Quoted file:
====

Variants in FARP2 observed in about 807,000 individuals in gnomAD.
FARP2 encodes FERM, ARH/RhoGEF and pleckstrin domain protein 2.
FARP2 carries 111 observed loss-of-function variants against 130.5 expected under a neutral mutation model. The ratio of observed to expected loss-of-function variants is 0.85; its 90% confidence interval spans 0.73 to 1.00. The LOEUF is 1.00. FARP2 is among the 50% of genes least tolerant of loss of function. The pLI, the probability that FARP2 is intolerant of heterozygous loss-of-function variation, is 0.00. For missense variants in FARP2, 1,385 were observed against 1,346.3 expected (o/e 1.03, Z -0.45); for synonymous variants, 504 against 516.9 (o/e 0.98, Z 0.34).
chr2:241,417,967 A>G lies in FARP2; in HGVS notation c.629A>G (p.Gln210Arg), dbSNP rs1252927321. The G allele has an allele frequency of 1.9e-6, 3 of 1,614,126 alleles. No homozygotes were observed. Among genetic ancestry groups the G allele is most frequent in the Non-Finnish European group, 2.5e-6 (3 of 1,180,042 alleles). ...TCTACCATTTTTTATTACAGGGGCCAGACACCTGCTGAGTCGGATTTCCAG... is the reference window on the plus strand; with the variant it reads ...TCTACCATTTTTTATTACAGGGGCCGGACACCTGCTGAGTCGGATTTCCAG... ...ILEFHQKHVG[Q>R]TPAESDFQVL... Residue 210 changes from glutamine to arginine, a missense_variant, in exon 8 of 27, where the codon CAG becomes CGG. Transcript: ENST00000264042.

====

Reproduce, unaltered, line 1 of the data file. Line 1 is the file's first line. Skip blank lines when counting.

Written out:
Variants in FARP2 observed in about 807,000 individuals in gnomAD.